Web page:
“Welding anodized aluminum is a little bit more difficult,” Holl says. “It has to stay bright, with perfect finish and polish.”
If the welder “arcs out” or flares up it can cause spatter, which can leave marks on the surface of the BDA material. Any scratches or blemishes mean that leg must be cut out and replaced — without damaging other sections of the part. This rework process could take several hours and cost hundreds of dollars each time.
“It’s expensive,” Holl says. “You have to cut the leg out, replace it, then you can’t scratch what you’re cutting out on the rest of the product.”
Rework and scrap reduced by 10 percent
As G.G. Schmitt evaluated new welding equipment for its expansion, it was also important to invest in machines that offered benefits for welding BDA aluminum, to help reduce the time and money spent on rework and scrap.
“The Miller Dynasty 400 was the choice we picked after countless tests,” Holl says. “It provided us what we were looking for.”
The welders previously used by G.G. Schmitt were transformer-based machines that tended to flare up, which meant a lot of rework on BDA aluminum.
The inverter-based Dynasty 400 TIG welder uses Blue Lightning™ high frequency arc starter technology and refined arc starting routine, which deliver more consistent non-contact starts and greater reliability compared to traditional equipment.
“Miller is by far the best to weld anodized aluminum,” says Pedro Medina, G.G. Schmitt assistant plant manager. “You don’t take the chances to ruin a part.”
The switch immediately reduced scrap rework by 6 to 8 percent for G.G. Schmitt — a payback that continues to increase as the welders become more familiar with the Dynasty 400 machines. The company is starting to see 10 to 11 percent less scrappage of the BDA aluminum associated with tungsten spitting and flare-ups.
The machines also include independent amplitude/amperage control, so electrode positive and electrode negative amperages can be set independently. This allows G.G. Schmitt welders to precisely control heat input to the work and electrode. In addition, extended AC balance controls the amount of oxide cleaning (amperage time in electrode negative), which is essential for high-quality welds on aluminum.
“You’re always going to get the best results,” Medina says. “Your weld is going to look good.”
Greater efficiency and productivity
The machine’s AC waveforms provide a fast freezing puddle, deep penetration and faster travel speeds — allowing G.G. Schmitt to improve productivity and efficiency in the welding operation.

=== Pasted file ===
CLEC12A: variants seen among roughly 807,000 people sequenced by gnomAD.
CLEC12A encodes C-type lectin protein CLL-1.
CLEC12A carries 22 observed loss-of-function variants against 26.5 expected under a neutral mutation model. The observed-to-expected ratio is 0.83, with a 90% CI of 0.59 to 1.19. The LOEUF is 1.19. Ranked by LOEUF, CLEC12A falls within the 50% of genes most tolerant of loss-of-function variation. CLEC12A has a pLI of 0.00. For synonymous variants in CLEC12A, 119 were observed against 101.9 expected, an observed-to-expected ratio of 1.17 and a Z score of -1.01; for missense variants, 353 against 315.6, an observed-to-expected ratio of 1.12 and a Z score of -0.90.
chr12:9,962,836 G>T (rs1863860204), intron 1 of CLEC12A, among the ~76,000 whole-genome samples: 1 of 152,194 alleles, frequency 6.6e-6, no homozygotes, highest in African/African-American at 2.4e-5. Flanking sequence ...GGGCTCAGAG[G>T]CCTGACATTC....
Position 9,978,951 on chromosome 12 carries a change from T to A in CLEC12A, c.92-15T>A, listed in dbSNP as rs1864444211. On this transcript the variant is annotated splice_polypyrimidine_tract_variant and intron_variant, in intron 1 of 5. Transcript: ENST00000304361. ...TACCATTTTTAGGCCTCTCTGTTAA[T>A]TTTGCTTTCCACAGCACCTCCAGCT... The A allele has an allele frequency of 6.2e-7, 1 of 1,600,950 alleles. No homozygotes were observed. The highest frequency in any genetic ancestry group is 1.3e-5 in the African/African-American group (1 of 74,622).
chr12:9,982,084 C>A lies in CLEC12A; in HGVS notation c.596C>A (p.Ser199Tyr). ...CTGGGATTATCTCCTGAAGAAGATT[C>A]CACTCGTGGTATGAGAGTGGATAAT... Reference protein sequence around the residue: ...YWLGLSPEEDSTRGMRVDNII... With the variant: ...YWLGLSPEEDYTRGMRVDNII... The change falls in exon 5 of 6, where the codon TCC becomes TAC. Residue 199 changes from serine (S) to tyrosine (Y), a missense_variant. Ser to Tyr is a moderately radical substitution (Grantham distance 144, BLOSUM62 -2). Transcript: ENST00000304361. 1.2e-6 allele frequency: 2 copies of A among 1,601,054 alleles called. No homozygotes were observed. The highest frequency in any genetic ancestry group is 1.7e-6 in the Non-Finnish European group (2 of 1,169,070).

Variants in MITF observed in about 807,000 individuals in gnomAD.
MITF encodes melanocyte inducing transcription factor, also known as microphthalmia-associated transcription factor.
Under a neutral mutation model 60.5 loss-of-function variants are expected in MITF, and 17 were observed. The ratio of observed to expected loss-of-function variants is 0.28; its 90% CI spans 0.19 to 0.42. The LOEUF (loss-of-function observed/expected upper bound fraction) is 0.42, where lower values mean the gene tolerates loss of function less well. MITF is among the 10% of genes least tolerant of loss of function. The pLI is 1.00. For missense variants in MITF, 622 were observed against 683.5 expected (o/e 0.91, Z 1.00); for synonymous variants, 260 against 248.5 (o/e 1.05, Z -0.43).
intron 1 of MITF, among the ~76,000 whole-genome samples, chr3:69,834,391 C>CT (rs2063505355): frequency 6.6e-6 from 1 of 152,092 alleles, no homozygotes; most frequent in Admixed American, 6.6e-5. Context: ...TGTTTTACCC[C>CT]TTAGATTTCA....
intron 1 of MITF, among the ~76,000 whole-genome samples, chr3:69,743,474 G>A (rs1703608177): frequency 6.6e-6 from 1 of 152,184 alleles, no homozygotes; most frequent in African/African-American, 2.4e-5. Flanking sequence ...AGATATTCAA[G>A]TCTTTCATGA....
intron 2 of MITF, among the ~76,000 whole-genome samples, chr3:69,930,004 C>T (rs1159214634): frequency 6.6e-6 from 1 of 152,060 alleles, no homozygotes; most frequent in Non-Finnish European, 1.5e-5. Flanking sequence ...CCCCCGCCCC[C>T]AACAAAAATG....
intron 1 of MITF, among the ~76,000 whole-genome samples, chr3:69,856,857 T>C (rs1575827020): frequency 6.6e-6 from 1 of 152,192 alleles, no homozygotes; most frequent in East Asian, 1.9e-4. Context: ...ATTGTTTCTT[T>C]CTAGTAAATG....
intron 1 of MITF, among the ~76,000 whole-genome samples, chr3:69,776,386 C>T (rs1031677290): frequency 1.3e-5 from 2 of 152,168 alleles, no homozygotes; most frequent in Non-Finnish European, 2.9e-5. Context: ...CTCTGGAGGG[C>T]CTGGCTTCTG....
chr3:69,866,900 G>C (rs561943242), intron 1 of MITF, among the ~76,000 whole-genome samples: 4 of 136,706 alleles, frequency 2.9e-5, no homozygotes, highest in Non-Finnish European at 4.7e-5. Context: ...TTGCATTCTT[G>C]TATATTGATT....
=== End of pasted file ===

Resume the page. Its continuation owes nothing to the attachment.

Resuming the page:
“You want to make that weld look nice,” Medina says. “With the Dynasty 400, you pretty much do your first filling and you’re done with it. It’s much better efficiency.”
The fast travel speeds allow G.G. Schmitt welders to complete projects more quickly so they can move on to the next job.
“I can achieve faster welds, and the quality is a lot better,” says Cesar Jaramillo, who’s been a welder with the company for seven years. “I can adjust my amperage to make my welds cleaner, as well. I saw a huge improvement in the quality of my welds.”
The ability to save up to nine program memories in each machine also helps G.G. Schmitt welders save significant time. If operators go from welding thin 16-gauge material to welding something much thicker, they can simply press a button to change to a different set of pre-programmed parameters. In addition to saving time, this also helps ensure welders are using the proper pre-set parameters.
“In the marine industry, welders are a lot of times on their backs, on their knees, standing up, on the ladder. When you start going back and forth — time becomes a factor,” Holl says. “With these settings, it’s really decreased that time. It’s increasing efficiencies, and it’s increasing productivity.”
A growing operation
As G.G. Schmitt looks to the future and continued growth, the company needs welding equipment that helps improve productivity and efficiency while also reducing scrap and rework.
And as the company continues its plan for sustainable growth, support from suppliers and equipment manufacturers like Miller is a critical part of success. In selecting and implementing the Dynasty 400 TIG welders in the operation, G.G. Schmitt worked closely with Miller to choose the right solution, train welders on the new equipment, and optimize the systems for the company’s specific applications.
“The customer service from Miller was just a huge advantage over the competition,” Holl says. “That’s what we look for to help increase our productivity.”